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Recently, I asked a question related to energy of a charge(This is the question).

In one of the answers, in the comments section, I got an answer that the strength of the electric field is lessened if I put many bulbs in a single circuit. I want to ask just two questions here(I am sorry if this is a repetition, I am not able to understand some theories):

What are the factors that effect the strength of an electric field? Suppose I put 5 bulbs in a single circuit, the resistivity will be high, so less current flow, but what happens to the field? Will the charges not get constant energy due to the field?

Additional question: Suppose, those 5 bulbs take all the energy of the charge. Now, assuming the electric field to still be there, the charge regains some more energy. Now, will it be able to do light up any more bulbs(or run any other appliance) with that energy that it gains from the field?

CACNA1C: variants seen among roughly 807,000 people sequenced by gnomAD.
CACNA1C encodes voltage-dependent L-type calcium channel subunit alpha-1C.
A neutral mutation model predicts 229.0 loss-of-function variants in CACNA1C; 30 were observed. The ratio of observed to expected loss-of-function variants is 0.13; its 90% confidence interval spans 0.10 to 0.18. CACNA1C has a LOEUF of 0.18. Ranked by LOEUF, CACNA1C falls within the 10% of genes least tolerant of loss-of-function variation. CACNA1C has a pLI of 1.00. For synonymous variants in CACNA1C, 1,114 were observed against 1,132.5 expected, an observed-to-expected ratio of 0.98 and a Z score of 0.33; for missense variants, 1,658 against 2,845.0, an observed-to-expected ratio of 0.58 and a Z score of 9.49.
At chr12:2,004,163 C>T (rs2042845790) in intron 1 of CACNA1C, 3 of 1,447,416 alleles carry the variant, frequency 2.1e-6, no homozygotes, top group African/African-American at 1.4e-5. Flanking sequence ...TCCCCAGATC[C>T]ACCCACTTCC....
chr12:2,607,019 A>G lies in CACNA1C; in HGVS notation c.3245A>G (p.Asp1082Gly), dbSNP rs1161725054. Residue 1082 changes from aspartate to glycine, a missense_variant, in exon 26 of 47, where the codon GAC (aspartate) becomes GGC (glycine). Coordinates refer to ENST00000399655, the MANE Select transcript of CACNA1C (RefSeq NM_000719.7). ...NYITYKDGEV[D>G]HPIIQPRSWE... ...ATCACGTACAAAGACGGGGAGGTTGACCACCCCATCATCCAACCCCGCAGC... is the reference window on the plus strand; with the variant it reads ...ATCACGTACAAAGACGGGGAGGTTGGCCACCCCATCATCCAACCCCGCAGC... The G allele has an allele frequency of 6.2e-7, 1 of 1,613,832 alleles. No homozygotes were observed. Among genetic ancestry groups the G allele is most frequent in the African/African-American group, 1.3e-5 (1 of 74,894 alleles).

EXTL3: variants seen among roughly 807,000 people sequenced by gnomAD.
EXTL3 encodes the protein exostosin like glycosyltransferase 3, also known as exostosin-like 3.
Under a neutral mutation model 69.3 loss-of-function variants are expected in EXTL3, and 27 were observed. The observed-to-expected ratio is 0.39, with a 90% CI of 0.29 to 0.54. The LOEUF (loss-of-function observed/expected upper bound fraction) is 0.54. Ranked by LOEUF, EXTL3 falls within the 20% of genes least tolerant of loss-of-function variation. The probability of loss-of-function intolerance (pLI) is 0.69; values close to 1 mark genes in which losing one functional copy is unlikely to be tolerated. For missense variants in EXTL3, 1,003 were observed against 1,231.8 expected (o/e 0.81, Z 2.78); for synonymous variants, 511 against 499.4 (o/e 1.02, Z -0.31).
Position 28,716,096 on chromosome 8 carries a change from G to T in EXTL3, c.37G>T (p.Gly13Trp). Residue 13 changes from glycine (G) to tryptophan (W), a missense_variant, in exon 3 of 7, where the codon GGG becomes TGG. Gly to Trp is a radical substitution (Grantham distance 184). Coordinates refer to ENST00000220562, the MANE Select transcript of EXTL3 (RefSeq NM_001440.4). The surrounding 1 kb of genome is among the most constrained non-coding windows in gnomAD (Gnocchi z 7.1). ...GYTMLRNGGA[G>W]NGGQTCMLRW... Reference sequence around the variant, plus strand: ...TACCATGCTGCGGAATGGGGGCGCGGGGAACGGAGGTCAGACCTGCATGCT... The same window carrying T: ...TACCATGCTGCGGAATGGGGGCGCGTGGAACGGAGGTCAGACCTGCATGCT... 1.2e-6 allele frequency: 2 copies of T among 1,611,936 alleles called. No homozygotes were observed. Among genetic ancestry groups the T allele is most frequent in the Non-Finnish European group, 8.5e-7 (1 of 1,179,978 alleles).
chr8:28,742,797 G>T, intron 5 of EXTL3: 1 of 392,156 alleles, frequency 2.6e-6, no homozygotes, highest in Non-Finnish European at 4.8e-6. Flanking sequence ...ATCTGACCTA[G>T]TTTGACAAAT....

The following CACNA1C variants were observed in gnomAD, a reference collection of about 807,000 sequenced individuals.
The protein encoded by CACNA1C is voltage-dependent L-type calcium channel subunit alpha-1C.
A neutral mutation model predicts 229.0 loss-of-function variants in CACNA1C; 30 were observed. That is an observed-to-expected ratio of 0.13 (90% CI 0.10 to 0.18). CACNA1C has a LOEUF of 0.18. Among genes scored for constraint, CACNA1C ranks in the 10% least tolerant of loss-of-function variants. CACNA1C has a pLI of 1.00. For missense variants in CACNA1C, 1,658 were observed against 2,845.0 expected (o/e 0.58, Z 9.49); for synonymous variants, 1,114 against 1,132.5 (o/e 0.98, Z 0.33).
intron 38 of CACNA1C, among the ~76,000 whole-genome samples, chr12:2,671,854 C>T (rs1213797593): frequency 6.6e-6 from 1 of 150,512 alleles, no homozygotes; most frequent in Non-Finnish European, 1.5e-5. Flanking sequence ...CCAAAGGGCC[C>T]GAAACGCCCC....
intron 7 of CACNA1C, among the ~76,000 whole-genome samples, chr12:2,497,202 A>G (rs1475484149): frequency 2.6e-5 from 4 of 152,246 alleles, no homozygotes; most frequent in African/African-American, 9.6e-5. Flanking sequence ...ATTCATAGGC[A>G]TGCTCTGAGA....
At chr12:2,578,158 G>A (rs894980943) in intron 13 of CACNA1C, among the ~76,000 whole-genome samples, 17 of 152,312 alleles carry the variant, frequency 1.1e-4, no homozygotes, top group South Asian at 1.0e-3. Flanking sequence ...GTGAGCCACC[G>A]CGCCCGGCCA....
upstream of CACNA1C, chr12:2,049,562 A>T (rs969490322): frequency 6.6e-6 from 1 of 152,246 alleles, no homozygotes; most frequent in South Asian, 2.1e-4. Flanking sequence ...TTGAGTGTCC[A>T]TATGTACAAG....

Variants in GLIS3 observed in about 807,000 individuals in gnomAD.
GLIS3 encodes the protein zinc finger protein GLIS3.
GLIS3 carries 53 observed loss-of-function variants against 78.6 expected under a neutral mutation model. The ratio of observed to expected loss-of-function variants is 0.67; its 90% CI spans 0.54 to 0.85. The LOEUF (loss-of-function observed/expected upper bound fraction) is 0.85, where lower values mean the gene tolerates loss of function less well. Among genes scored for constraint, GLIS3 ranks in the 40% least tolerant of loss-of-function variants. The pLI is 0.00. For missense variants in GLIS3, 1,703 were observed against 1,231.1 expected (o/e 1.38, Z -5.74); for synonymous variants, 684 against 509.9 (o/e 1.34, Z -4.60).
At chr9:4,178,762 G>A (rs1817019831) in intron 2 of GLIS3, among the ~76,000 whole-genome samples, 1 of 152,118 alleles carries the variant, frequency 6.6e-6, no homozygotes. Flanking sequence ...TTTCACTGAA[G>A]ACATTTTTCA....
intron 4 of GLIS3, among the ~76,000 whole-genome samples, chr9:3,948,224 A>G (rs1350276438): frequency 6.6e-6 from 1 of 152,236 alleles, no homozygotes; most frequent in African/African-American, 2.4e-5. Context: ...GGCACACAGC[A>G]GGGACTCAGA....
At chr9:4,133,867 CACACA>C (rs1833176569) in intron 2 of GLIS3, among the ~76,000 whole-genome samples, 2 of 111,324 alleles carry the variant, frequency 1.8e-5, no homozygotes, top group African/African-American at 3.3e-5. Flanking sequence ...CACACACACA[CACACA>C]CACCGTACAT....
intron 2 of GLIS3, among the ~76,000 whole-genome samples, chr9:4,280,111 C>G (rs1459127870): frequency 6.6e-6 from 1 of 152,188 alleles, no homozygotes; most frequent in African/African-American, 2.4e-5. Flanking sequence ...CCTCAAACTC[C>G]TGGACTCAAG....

I request the viewers not to give answers of any other question, I am hoping for a direct answer. And the answer to the first question is preferred more over the second question, because I think if I understand the first case better, I can understand the second case myself.

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At the beginning let us talk about water. Water consists of molecules. There are two buckets, one of them is on the level 0 meters and one is on the level 1 meter. I fill the high-level-bucket with water and connect the two buckets with a small pipe. It takes 10 sec and all the water is in the low-level-bucket. How I have to relate the molecules properties to this process?